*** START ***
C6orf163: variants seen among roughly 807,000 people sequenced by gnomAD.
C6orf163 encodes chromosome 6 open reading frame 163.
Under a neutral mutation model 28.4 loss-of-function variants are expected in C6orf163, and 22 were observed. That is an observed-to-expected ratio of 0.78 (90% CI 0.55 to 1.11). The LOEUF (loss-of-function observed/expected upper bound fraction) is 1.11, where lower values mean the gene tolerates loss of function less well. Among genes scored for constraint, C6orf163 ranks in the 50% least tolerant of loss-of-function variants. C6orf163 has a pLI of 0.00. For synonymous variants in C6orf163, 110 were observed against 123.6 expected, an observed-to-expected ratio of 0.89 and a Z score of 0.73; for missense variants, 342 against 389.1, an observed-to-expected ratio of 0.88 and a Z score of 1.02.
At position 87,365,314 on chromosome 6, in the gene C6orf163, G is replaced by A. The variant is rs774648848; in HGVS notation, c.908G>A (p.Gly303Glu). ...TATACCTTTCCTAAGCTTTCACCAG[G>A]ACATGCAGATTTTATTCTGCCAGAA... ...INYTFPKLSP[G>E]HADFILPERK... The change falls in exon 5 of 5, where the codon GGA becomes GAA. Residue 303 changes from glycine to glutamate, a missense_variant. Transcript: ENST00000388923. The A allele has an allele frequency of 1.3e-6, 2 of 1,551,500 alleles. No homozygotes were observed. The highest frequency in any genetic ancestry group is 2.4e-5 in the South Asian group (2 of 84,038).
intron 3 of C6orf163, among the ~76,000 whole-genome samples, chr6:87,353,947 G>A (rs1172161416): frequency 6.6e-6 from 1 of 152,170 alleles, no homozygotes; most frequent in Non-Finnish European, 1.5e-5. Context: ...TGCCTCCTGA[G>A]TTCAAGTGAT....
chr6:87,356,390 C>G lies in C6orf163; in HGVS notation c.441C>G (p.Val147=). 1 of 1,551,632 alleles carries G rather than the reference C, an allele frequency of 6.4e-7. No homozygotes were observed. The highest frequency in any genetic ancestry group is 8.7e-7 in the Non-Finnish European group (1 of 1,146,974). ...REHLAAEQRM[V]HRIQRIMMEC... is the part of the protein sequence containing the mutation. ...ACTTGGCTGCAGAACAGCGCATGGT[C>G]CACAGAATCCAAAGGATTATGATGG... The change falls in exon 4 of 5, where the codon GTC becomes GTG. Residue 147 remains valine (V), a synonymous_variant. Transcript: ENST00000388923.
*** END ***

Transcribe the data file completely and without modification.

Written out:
C6orf163: variants seen among roughly 807,000 people sequenced by gnomAD.
C6orf163 encodes chromosome 6 open reading frame 163.
Under a neutral mutation model 28.4 loss-of-function variants are expected in C6orf163, and 22 were observed. That is an observed-to-expected ratio of 0.78 (90% CI 0.55 to 1.11). The LOEUF (loss-of-function observed/expected upper bound fraction) is 1.11, where lower values mean the gene tolerates loss of function less well. Among genes scored for constraint, C6orf163 ranks in the 50% least tolerant of loss-of-function variants. C6orf163 has a pLI of 0.00. For synonymous variants in C6orf163, 110 were observed against 123.6 expected, an observed-to-expected ratio of 0.89 and a Z score of 0.73; for missense variants, 342 against 389.1, an observed-to-expected ratio of 0.88 and a Z score of 1.02.
At position 87,365,314 on chromosome 6, in the gene C6orf163, G is replaced by A. The variant is rs774648848; in HGVS notation, c.908G>A (p.Gly303Glu). ...TATACCTTTCCTAAGCTTTCACCAG[G>A]ACATGCAGATTTTATTCTGCCAGAA... ...INYTFPKLSP[G>E]HADFILPERK... The change falls in exon 5 of 5, where the codon GGA becomes GAA. Residue 303 changes from glycine to glutamate, a missense_variant. Transcript: ENST00000388923. The A allele has an allele frequency of 1.3e-6, 2 of 1,551,500 alleles. No homozygotes were observed. The highest frequency in any genetic ancestry group is 2.4e-5 in the South Asian group (2 of 84,038).
intron 3 of C6orf163, among the ~76,000 whole-genome samples, chr6:87,353,947 G>A (rs1172161416): frequency 6.6e-6 from 1 of 152,170 alleles, no homozygotes; most frequent in Non-Finnish European, 1.5e-5. Context: ...TGCCTCCTGA[G>A]TTCAAGTGAT....
chr6:87,356,390 C>G lies in C6orf163; in HGVS notation c.441C>G (p.Val147=). 1 of 1,551,632 alleles carries G rather than the reference C, an allele frequency of 6.4e-7. No homozygotes were observed. The highest frequency in any genetic ancestry group is 8.7e-7 in the Non-Finnish European group (1 of 1,146,974). ...REHLAAEQRM[V]HRIQRIMMEC... is the part of the protein sequence containing the mutation. ...ACTTGGCTGCAGAACAGCGCATGGT[C>G]CACAGAATCCAAAGGATTATGATGG... The change falls in exon 4 of 5, where the codon GTC becomes GTG. Residue 147 remains valine (V), a synonymous_variant. Transcript: ENST00000388923.